Women in Games highlights the articles that have caught our eye over the past few weeks…

No great shock, but new research has revealed that male video game characters have twice as much in-game dialogue as women characters. The biggest ever study into this area has been published in the Royal Society Open Science journal and makes for interesting reading. Via The Conversation

Sadly, more reports of discrimination against women within games studios… reports on a lawsuit against Super Free Games

Men getting annoyed at ‘wokeness’: Following Miller Lite’s brilliant spoof ad which took aim at the beer industry’s history of using scantily-clad women in marketing, Unilad reports on a backlash from conservative males – including senior Trump advisor Stephen Miller….

More worryingly, the New York Times reveals that extremism is finding ‘fertile ground in chat rooms for gamers’, highlighting that games platforms and associated social media sites are particularly vulnerable to extremist groups such as the self-named ‘incels’.

The destroying of women’s reproductive rights continues in the US, with the BBC highlighting that legislators in the US state of South Carolina have passed a bill that would ban nearly all abortions after around six weeks of pregnancy – before most women know they are pregnant.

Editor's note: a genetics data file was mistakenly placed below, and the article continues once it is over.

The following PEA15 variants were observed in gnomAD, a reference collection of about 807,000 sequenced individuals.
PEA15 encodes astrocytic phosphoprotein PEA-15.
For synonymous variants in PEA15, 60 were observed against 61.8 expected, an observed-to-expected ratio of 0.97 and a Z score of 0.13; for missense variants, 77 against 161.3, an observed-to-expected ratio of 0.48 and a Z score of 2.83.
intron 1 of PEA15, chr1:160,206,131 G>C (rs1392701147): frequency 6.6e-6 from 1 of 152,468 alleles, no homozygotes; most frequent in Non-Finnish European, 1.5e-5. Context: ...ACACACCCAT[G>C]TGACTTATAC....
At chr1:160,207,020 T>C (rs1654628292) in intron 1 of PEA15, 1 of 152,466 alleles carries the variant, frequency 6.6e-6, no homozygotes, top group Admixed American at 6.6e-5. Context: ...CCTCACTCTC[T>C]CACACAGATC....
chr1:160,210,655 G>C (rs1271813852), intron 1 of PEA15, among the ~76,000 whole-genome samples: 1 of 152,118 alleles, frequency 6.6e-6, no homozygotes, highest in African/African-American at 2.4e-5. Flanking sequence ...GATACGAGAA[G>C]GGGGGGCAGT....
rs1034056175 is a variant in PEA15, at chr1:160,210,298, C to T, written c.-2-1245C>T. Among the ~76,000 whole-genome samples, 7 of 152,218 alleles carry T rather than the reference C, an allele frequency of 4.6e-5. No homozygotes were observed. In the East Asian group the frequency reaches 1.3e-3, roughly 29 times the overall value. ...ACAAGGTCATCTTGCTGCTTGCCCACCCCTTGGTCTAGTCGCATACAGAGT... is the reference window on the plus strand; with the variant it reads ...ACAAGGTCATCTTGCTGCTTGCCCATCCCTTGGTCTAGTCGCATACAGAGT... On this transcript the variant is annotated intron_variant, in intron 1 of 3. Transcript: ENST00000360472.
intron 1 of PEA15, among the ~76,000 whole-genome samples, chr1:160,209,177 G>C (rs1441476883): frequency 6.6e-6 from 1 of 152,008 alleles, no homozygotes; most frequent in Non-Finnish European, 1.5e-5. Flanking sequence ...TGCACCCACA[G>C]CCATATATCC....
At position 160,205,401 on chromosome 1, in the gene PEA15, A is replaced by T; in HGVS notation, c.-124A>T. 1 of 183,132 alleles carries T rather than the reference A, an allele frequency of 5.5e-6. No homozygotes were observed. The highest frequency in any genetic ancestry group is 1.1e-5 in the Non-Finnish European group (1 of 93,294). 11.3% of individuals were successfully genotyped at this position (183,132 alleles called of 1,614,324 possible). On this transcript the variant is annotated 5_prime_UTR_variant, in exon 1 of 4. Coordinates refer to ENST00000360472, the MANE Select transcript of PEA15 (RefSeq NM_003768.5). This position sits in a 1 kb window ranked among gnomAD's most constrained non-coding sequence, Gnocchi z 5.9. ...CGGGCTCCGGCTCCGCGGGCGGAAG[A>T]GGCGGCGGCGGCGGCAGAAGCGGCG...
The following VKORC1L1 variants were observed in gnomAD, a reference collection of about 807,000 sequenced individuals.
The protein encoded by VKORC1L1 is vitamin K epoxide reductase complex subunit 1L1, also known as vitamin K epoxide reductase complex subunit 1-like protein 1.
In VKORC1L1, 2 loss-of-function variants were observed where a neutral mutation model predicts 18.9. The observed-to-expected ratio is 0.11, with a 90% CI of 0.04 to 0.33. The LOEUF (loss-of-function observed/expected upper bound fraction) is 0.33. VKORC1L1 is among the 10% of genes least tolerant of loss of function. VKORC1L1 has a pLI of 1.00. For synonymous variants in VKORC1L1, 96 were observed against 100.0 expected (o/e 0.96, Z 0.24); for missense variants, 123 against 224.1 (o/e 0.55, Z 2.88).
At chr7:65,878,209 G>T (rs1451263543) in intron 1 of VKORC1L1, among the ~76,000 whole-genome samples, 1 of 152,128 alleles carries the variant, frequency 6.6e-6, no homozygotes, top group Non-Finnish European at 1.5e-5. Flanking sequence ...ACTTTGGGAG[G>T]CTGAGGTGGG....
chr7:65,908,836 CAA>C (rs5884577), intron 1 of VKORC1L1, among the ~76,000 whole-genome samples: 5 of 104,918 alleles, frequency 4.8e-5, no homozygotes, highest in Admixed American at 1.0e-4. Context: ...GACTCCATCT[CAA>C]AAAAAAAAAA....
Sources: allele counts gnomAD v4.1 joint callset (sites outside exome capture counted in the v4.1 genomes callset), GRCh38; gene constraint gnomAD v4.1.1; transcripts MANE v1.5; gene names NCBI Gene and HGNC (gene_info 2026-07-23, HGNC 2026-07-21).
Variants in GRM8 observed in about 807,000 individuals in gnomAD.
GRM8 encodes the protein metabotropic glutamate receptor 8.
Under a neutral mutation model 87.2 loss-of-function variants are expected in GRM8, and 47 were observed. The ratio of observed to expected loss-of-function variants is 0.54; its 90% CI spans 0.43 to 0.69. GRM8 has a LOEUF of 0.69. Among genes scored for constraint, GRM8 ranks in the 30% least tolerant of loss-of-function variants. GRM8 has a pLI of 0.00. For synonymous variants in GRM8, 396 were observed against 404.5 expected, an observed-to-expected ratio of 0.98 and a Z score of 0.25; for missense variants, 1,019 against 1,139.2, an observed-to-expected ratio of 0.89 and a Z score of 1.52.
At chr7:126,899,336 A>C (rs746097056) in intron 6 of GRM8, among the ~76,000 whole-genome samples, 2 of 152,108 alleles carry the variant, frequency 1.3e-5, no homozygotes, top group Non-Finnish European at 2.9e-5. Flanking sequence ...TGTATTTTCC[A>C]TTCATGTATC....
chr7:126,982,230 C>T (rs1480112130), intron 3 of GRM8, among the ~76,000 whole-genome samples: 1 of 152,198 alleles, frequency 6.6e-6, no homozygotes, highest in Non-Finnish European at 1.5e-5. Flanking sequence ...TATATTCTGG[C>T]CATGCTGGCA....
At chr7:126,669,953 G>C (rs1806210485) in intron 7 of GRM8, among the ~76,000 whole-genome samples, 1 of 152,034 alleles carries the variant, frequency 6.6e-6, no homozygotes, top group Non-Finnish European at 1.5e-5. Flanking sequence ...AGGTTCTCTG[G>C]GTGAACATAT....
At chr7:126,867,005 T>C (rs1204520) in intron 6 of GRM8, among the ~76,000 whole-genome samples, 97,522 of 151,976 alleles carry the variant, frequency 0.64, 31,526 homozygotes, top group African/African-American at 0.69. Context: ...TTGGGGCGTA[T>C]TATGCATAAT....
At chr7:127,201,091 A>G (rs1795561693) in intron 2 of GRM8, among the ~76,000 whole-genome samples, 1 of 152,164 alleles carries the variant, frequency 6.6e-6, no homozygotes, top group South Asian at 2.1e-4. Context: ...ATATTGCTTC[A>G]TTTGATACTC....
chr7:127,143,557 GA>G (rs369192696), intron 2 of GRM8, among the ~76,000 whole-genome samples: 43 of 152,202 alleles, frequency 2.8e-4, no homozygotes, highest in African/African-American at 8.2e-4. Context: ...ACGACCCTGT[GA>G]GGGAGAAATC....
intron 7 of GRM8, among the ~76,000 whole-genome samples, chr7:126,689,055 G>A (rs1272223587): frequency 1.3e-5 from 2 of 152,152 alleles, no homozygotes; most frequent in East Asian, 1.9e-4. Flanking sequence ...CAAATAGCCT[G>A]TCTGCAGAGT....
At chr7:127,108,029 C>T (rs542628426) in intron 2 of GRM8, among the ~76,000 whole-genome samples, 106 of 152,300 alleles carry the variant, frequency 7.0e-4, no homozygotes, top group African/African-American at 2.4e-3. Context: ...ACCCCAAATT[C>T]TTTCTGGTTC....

In the UK, the TUC organisation has highlighted the gender pension gap, asking why women are working for the equivalent of five months a year without a pension.

The cost of ambition: New research finds almost 90 per cent of women worldwide are penalised and undermined because of their achievements at work. A fascinating (and depressing) read via Women of Influence

In happier news, Blizzard has confirmed the sexuality of two Overwatch characters this Pride Month, according to Eurogamer

 Ariel was always a role model, but the live-action Little Mermaid makes her stronger, says Polygon, asserting that the character doesn’t get enough credit for breaking the Disney Princess mould

And talking of Tinsel Town, how sexist is Hollywood? That’s the question asked of Geena Davis by the New York Times. You can guess her answer…

If you find something you’d like to share with the Women in Games community, email We’ll credit you for the find!